Kevin Wallace reviews Fugue in C Minor in Goodreads:
I read a draft version of Fugue in C Minor and found the story interesting and many of the issues fascinating. Having now read the new version, I face the challenge of seeing it on its own terms. I gained certain impressions of the novel from the draft, and found that in the end these were not quite the direction Dickinson took it in the final edit. So my perspective needs a little adjustment. As I am fond of saying to my students, every text provides its own set of reading instructions, so I had to relearn them for the second version.
In doing so, I definitely enjoyed it, as I have all of Dickinson’s published stories thus far. He is very good at developing plots that are not always straightforward, surprise-laden, and which bring in and integrate issues of characters and theme that would sound disparate if I were to list them. One late revelation about a principle character in appears jarring, and I felt I was not properly prepared for it. But that is just one, amid many that I found quite satisfyingly unpredictable. For the most part, he integrates them well and makes good sense of them. To mind mind, his stories reflect the complexities of real-life characters: while I may not see myself in Maxim Edgars, I can recognize in him my own frequent confusion, and the way my life story is buffeted in various unpredictable directions by the often contradictory impulses to which I guess we are all subject.
Fugue’s real strength isn’t so much the analysis of an amnesiac rebuilding his memories. Instead it is his protagonist’s growing understanding of himself as part of a love relationship. Maxim has the unique opportunity first to reinvent his life, and then, due to his brain injury, to reinvent his own relationship with his past, and the way his present is affected by it. The story shows what such an experience could mean – to be freed from the influence of past errors, betrayals, the real and the imagined selves that one must live up to. As Maxim rediscovers his past, he’s in the enviable position of being able to choose between his various possible selves, and to sidestep (but never erase) the guilt and regret that, for most of us, make such choices so difficult, no matter how many times we have to make them.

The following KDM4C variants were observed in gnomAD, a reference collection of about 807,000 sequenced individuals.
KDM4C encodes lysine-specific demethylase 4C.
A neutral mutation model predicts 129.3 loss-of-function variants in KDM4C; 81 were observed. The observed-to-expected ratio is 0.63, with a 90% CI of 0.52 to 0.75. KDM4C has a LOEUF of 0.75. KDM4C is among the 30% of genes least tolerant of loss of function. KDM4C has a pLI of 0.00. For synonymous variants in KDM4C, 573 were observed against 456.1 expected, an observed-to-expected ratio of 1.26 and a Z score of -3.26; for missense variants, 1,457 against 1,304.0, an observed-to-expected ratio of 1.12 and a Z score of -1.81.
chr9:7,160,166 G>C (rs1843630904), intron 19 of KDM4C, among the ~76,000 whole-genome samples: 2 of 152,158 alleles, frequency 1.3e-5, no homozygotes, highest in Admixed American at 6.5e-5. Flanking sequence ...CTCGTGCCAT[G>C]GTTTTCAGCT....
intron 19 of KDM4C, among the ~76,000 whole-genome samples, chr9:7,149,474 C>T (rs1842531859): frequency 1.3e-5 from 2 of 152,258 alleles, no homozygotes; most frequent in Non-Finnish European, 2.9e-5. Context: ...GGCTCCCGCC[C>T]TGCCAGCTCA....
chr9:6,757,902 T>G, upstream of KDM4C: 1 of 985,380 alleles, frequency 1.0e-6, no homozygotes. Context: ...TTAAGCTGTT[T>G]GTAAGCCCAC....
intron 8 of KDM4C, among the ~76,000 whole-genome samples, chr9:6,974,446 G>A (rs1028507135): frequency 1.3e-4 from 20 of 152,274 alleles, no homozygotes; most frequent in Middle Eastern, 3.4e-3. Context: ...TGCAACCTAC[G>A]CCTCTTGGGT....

In a way, the “fugue” or amnesia aspect of the story comes off, in this version, as more of a device – a situation – that makes Dickinson’s unique discussion of love and marriage possible. I found myself wanting more psychic angst – the fear, the distrust, the paranoia – that I suppose such an experience might entail. But that’s because “angst” is my personal oeuvre. To be sure, Dickinson doesn’t neglect these aspects; but I admit I was hoping for more of it.
These minor caveats aside, I “really liked it” (to quote the Goodreads rating criteria). Of the three novels I’ve read by this writer, Fugue in C Minor has been my favourite (I look forward to the rumoured rewrite of Virtual Silence). What I like best about Dickinson’s storytelling is here in strength, and I have to say, I learned a few things. Can’t be bad!